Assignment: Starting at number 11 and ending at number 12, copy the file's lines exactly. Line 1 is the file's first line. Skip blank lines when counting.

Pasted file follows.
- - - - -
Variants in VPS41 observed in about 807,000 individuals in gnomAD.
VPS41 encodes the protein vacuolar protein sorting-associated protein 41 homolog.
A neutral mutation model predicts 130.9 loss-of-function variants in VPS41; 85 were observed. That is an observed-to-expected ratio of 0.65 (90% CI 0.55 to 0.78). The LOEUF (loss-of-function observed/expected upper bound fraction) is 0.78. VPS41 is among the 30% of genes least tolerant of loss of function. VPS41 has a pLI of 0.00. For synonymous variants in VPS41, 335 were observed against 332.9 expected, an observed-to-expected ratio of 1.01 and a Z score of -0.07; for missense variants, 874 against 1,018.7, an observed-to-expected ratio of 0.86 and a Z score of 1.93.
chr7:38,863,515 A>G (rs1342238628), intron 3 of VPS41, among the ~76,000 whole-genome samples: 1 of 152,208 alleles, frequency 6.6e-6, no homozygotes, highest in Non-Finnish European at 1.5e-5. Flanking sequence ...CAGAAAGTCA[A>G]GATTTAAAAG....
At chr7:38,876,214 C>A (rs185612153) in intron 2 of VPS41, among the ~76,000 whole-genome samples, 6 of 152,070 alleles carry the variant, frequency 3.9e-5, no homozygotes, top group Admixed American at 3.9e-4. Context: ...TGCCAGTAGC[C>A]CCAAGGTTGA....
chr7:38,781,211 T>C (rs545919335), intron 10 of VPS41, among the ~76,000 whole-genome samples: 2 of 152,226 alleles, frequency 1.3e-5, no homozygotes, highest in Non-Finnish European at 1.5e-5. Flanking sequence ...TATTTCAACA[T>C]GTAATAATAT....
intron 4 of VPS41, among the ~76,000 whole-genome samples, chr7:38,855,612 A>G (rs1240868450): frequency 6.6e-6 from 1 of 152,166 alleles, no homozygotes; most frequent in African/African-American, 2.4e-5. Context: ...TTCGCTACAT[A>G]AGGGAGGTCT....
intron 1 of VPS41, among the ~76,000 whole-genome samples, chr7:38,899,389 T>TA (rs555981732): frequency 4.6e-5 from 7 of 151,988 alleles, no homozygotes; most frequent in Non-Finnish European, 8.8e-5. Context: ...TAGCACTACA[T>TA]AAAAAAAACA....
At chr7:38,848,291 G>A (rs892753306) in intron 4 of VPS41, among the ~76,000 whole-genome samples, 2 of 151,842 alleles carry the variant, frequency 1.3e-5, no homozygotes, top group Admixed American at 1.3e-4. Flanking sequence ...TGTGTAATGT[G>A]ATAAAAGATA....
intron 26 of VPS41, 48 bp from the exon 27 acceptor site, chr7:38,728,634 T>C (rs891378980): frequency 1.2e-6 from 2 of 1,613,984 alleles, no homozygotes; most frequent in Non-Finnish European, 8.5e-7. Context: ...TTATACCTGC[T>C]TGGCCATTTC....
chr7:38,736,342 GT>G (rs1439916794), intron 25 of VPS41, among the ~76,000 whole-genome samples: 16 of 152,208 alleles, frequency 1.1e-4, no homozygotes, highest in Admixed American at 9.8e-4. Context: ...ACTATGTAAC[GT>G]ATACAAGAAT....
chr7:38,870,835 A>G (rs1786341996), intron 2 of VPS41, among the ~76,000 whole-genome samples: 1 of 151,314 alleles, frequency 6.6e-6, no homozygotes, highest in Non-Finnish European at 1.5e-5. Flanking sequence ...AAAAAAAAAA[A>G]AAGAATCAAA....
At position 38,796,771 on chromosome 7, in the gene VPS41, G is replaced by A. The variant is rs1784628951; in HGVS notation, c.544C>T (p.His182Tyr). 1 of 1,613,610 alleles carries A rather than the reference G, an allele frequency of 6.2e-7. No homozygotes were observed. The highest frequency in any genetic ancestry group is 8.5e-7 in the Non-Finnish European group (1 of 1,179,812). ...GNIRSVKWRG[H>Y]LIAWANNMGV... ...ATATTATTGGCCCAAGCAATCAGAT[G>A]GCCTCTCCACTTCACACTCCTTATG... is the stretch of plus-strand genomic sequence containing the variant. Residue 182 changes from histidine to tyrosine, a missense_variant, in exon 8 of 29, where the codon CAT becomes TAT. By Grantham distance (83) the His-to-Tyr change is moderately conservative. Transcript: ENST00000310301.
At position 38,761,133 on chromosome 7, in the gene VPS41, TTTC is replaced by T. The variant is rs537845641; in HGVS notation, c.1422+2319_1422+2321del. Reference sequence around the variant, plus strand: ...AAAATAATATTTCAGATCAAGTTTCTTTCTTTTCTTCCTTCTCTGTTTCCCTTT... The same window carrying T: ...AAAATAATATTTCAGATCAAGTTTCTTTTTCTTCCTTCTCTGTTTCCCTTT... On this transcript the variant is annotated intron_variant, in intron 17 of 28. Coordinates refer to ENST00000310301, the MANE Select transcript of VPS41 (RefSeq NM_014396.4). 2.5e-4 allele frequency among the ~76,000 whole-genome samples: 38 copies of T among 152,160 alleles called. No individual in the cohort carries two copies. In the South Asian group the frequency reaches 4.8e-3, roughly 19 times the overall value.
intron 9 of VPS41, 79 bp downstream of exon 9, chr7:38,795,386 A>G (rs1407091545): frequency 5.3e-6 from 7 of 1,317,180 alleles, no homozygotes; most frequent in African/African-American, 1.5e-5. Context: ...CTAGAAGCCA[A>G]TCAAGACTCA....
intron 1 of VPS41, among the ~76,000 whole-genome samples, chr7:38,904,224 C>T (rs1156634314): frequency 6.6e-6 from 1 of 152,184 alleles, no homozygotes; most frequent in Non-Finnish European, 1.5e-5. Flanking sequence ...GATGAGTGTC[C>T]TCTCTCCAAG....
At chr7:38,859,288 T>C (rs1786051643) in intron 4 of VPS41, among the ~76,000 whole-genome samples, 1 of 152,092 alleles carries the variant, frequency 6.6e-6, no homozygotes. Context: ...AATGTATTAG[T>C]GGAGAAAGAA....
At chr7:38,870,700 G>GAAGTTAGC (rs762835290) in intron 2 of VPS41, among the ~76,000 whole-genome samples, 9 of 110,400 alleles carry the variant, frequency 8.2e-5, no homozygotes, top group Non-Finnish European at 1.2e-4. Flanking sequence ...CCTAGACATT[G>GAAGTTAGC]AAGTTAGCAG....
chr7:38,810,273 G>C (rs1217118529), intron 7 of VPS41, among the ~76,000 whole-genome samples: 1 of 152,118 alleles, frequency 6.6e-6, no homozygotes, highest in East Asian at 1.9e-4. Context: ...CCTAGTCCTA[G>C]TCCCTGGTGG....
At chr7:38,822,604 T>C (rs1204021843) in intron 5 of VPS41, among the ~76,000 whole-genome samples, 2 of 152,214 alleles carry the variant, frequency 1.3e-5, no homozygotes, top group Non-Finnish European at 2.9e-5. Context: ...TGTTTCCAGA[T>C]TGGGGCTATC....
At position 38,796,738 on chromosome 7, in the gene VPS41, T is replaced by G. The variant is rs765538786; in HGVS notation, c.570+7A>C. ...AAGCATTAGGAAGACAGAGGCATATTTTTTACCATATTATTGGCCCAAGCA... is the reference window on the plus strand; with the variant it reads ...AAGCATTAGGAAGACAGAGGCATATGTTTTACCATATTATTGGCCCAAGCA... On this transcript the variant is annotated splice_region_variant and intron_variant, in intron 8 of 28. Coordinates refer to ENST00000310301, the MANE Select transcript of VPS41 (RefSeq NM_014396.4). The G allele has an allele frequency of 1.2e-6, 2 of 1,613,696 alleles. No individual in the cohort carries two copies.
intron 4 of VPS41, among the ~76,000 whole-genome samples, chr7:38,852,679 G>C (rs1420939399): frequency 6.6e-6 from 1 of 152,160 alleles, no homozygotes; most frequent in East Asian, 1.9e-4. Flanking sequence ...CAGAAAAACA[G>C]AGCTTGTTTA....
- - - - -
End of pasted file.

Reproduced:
chr7:38,736,342 GT>G (rs1439916794), intron 25 of VPS41, among the ~76,000 whole-genome samples: 16 of 152,208 alleles, frequency 1.1e-4, no homozygotes, highest in Admixed American at 9.8e-4. Context: ...ACTATGTAAC[GT>G]ATACAAGAAT....
chr7:38,870,835 A>G (rs1786341996), intron 2 of VPS41, among the ~76,000 whole-genome samples: 1 of 151,314 alleles, frequency 6.6e-6, no homozygotes, highest in Non-Finnish European at 1.5e-5. Flanking sequence ...AAAAAAAAAA[A>G]AAGAATCAAA....